Hyperphosphataemia: which phosphate binder?

Nephrology Dialysis Transplantation , Volume Advance Article (7) – Apr 18, 2018

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Oxford University Press
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© The Author(s) 2018. Published by Oxford University Press on behalf of ERA-EDTA. All rights reserved.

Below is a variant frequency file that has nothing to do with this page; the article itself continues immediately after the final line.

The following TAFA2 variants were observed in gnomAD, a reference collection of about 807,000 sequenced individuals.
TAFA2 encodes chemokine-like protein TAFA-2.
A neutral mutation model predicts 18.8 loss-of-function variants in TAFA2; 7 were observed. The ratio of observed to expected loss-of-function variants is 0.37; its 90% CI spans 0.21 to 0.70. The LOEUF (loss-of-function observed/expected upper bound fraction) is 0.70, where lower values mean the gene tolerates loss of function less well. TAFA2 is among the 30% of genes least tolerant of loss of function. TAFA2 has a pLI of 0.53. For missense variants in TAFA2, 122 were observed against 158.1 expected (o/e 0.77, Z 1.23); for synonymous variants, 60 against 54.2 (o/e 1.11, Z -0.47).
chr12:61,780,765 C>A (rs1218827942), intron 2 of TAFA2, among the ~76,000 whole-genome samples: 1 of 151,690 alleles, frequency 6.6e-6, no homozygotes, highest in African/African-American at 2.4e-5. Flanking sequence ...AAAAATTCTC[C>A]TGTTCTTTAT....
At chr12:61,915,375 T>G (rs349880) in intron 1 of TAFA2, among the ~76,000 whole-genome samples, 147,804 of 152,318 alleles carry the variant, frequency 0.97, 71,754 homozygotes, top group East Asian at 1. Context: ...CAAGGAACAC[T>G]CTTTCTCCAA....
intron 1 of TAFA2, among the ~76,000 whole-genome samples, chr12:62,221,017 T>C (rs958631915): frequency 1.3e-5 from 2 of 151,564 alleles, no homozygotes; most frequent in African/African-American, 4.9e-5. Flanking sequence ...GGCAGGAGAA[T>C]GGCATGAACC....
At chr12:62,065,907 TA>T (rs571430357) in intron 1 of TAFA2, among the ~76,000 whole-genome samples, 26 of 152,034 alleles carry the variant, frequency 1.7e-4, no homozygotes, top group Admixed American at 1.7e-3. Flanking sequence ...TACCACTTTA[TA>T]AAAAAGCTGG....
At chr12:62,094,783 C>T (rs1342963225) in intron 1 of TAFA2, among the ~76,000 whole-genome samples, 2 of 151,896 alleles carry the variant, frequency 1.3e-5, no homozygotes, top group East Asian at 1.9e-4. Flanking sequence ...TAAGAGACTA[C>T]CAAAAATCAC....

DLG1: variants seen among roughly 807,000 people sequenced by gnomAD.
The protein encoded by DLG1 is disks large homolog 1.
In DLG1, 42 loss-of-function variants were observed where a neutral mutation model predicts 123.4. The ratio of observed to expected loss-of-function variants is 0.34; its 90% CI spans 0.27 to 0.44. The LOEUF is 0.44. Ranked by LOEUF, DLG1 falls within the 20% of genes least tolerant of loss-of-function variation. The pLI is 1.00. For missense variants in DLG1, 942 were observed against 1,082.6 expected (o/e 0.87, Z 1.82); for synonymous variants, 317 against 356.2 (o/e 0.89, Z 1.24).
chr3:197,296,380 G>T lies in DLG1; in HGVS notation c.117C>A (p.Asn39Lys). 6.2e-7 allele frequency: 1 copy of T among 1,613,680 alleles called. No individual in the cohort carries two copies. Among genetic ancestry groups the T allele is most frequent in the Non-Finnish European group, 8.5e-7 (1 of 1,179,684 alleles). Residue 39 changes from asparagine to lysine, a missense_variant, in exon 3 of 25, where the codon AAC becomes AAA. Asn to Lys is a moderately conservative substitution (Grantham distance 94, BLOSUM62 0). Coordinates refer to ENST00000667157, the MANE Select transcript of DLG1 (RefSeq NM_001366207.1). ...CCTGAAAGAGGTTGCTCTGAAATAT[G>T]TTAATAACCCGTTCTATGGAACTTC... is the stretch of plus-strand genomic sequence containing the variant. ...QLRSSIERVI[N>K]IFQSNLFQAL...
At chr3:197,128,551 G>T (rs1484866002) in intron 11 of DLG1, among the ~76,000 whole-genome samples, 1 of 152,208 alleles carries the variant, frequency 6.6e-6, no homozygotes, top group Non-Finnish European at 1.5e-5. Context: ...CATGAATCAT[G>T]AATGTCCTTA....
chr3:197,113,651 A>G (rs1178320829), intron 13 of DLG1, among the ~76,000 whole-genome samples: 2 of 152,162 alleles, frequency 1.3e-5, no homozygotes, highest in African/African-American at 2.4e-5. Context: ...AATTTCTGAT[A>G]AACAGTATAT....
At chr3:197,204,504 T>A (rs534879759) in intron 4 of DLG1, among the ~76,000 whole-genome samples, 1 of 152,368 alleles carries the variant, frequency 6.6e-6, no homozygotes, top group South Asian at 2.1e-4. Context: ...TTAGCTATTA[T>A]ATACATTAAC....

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0931-0509
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1460-2385
D.O.I.
10.1093/ndt/gfy091
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Abstract